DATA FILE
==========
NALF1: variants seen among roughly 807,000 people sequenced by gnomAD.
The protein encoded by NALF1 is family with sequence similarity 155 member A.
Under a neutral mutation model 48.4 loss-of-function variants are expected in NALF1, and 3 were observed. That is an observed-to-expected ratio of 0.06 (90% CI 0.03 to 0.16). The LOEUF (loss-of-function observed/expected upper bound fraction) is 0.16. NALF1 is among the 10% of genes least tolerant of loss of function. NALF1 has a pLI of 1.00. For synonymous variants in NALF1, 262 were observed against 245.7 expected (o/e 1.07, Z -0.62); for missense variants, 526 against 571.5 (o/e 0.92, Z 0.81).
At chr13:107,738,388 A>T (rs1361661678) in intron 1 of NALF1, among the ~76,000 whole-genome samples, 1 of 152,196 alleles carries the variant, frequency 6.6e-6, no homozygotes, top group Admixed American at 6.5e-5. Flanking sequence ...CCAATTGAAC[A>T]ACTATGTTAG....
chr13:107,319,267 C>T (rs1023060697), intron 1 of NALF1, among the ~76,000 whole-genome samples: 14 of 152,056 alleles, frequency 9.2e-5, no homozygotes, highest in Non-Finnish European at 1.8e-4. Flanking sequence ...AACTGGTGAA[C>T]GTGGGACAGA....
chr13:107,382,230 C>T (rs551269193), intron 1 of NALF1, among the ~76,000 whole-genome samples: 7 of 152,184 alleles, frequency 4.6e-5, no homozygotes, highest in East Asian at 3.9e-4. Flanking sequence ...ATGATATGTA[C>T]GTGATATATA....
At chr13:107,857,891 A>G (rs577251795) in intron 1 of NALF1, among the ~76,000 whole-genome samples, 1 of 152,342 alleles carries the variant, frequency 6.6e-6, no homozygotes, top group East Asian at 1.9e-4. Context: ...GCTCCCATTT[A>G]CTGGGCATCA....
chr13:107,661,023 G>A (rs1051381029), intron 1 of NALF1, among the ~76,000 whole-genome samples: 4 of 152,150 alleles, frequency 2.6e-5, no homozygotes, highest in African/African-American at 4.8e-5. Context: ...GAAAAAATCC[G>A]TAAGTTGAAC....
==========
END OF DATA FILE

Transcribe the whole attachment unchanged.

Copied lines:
NALF1: variants seen among roughly 807,000 people sequenced by gnomAD.
The protein encoded by NALF1 is family with sequence similarity 155 member A.
Under a neutral mutation model 48.4 loss-of-function variants are expected in NALF1, and 3 were observed. That is an observed-to-expected ratio of 0.06 (90% CI 0.03 to 0.16). The LOEUF (loss-of-function observed/expected upper bound fraction) is 0.16. NALF1 is among the 10% of genes least tolerant of loss of function. NALF1 has a pLI of 1.00. For synonymous variants in NALF1, 262 were observed against 245.7 expected (o/e 1.07, Z -0.62); for missense variants, 526 against 571.5 (o/e 0.92, Z 0.81).
At chr13:107,738,388 A>T (rs1361661678) in intron 1 of NALF1, among the ~76,000 whole-genome samples, 1 of 152,196 alleles carries the variant, frequency 6.6e-6, no homozygotes, top group Admixed American at 6.5e-5. Flanking sequence ...CCAATTGAAC[A>T]ACTATGTTAG....
chr13:107,319,267 C>T (rs1023060697), intron 1 of NALF1, among the ~76,000 whole-genome samples: 14 of 152,056 alleles, frequency 9.2e-5, no homozygotes, highest in Non-Finnish European at 1.8e-4. Flanking sequence ...AACTGGTGAA[C>T]GTGGGACAGA....
chr13:107,382,230 C>T (rs551269193), intron 1 of NALF1, among the ~76,000 whole-genome samples: 7 of 152,184 alleles, frequency 4.6e-5, no homozygotes, highest in East Asian at 3.9e-4. Flanking sequence ...ATGATATGTA[C>T]GTGATATATA....
At chr13:107,857,891 A>G (rs577251795) in intron 1 of NALF1, among the ~76,000 whole-genome samples, 1 of 152,342 alleles carries the variant, frequency 6.6e-6, no homozygotes, top group East Asian at 1.9e-4. Context: ...GCTCCCATTT[A>G]CTGGGCATCA....
chr13:107,661,023 G>A (rs1051381029), intron 1 of NALF1, among the ~76,000 whole-genome samples: 4 of 152,150 alleles, frequency 2.6e-5, no homozygotes, highest in African/African-American at 4.8e-5. Context: ...GAAAAAATCC[G>A]TAAGTTGAAC....